You are presently watching the President of your country speak live on AIT. His party, the leading party, is holding a zonal rally in Tafawa Balewa Square in Lagos. Other top brass of the party have spoken. It is the turn of the President to speak. The most powerful masquerade dances last, they say.
The President starts by declaring a minute silence in sympathy with those who lost their lives in the building collapse of an international church. He expresses his heartfelt condolence and promises to look into the cause of the collapse. He then appreciates the supporters of his party in South-West. He says they have been doggedly loyal despite the challenges of the party in their zone.
The President seems to be saying all the right words. Although you have lost count of how many times he has uttered the word ‘promise’, with the way he speaks, it is still obvious he knows the plights of the masses.He recounts the achievements of his administration and promises as always not to relent in his efforts.
‘We are not here to campaign,’ the President announces. ‘It is not time for that. We have only come to interact as a family.’
You shake your head slightly at this. ‘This politicians must think every other person is dumb. Didn’t a chieftain of the party just say something now about the need for the people to support the President with their votes come 2015?’ You ask yourself.
You recline fully on the cushioned chair you are sitted on. You place your legs on a stool and stretch them out.
The President is now talking about his administration’s ‘giant strides’ in creating job opportunities for the teeming youths. At this you sit up and fix your gaze defiantly on the Samsung 29″ television.
Your younger sister walks in and checks what has so captured your attention raptly. She hisses as she sees the President speaking on air. She goes for the remote control and changes the channel to Hip TV, a station that plays indigenous and foreign Hip Hop songs.
King James, the latest song by MI Abaga, is what the station is playing presently. Your sister jumps up frenziedly and sways her hip to the rhythm of the song.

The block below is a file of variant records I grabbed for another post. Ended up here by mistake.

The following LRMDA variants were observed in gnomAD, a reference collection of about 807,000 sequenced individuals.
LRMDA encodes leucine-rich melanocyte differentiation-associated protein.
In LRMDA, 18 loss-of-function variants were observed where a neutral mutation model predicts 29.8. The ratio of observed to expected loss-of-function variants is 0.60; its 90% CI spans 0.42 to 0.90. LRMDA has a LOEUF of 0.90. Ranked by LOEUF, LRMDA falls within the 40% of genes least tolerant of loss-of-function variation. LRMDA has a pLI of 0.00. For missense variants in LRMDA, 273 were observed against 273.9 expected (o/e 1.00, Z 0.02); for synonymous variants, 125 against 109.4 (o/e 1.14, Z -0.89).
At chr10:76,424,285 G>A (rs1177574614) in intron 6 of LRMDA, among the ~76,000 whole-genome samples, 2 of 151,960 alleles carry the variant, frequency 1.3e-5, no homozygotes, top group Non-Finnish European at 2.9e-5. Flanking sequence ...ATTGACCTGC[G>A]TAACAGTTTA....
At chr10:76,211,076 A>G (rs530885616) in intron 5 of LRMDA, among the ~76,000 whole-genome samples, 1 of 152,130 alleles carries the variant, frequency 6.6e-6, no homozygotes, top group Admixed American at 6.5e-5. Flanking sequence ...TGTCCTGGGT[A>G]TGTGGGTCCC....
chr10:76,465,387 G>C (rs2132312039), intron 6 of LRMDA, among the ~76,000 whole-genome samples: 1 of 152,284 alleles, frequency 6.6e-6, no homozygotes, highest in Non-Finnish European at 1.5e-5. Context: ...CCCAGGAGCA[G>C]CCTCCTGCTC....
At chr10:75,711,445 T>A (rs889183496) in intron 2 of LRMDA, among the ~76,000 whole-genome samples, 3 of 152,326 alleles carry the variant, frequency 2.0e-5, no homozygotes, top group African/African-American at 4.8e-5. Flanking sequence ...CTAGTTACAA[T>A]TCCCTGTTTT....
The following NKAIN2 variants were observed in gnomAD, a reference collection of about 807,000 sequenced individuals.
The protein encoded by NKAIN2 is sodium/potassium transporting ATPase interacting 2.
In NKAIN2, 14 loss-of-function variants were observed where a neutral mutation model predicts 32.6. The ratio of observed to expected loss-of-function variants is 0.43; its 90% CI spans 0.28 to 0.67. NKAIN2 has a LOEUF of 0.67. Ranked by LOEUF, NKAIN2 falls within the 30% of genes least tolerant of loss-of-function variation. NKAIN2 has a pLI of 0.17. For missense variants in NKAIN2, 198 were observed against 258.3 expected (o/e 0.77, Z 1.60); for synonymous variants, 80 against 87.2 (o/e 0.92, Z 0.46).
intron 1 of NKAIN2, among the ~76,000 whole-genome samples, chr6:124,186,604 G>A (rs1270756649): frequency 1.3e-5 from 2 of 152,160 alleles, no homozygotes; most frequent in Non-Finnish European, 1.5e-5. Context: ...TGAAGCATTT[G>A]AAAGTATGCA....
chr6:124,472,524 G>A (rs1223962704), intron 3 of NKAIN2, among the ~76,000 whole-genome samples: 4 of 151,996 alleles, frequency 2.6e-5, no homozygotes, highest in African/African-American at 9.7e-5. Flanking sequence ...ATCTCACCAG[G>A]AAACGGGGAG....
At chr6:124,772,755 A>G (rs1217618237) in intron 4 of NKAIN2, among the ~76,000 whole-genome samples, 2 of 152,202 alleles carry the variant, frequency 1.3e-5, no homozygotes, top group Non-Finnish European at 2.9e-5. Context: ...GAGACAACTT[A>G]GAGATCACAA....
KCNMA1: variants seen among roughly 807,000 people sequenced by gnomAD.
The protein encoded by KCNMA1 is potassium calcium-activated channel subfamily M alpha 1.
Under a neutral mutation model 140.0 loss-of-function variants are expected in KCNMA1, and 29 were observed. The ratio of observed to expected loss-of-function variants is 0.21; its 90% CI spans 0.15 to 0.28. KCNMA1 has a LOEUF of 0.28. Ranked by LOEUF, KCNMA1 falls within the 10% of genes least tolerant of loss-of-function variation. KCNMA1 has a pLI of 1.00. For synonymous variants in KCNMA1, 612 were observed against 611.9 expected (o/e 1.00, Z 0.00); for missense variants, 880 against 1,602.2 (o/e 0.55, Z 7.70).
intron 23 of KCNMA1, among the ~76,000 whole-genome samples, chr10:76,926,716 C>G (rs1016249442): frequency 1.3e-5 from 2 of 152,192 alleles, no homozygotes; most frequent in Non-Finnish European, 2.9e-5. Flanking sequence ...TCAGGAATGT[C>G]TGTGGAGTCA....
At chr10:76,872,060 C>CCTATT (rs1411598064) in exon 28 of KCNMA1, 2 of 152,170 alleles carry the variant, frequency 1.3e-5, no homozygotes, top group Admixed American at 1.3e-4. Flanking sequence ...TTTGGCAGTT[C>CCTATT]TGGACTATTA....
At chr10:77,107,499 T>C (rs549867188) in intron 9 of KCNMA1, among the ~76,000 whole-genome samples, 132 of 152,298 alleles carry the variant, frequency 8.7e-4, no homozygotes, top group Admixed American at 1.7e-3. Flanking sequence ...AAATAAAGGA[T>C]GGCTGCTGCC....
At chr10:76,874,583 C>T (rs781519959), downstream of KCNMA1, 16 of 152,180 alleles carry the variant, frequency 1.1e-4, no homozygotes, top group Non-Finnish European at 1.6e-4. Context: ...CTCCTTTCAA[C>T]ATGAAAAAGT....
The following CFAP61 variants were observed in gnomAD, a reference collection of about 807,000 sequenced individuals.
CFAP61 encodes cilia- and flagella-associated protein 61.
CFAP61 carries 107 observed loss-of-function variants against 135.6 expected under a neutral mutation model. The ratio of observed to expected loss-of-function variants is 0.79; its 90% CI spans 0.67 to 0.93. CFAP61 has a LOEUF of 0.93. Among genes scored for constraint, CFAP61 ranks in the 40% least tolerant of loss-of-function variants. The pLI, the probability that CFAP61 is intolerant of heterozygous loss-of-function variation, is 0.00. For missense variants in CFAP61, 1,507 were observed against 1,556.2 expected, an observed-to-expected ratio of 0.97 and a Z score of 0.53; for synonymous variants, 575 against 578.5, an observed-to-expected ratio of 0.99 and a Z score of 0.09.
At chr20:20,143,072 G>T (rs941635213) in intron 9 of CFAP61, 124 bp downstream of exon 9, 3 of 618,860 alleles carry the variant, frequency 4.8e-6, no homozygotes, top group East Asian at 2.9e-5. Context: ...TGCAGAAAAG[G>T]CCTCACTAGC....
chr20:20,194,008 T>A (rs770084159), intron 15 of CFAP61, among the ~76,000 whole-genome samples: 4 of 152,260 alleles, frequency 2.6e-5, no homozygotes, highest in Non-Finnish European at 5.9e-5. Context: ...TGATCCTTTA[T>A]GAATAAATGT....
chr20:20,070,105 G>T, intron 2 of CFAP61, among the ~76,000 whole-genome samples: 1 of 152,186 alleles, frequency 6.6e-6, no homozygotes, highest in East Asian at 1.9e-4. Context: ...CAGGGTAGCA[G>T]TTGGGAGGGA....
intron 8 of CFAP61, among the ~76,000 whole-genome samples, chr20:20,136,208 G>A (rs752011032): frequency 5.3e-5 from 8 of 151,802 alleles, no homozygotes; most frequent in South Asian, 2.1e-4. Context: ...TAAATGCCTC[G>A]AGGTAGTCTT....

‘Yo! See me gathering stamina. We been to Canada. We been to Ghana. Been balling in SA like Bafana Bafana, rocking that Dolce and Gabana. Been taking shots like a camera…’ Your sister sings after the musician with contagious enthusiasm. You are tempted to get excited too, but you restrain yourself. Something more pressing must be addressed.
You are stupefied by the behaviour of your sister. Did she switch the channel out of disregard for your person or out of contempt for the nation’s President? You want to know.
‘Bola, why did you change the channel without my consent, seeing that I was watching something when you came in?’ You demand, giving your sister a benefit of fair hearing.
‘Eh! Eh! Boda mi, hold it there! I said hold it there! Don’t wash me over with saliva because of any stupid thing. Can I not watch what I want in my father’s house again, en? Your mates are outside there working and making cool money; you are sitted here watching some President. If watching TV is now your job, go and buy one and keep in your room. After all, you are old enough to even live independently. White cock that doesn’t know he is old!’ She hisses and walks out on you.
You are dumbstruck and transfixed where you are. You want to call her back and ask her to repeat what she has just said, but you seem to have forgotten her name. You look for an acid comeback to her statements, but your tongue is helplessly glued to the roof of your mouth. You want to go after her and make her realise that whoever opens her mouth like that to pour out such venom is ripe for a thorough beating, but then your legs have become heavy like bags of sand and your hands have now refused to be yours.
You sit back in your chair and bite your lower lip very hard. The truth is bitter. Yes, you know, and that’s what your younger sister has dished out to you. The fact that she has not told a lie makes you unsure of what to do.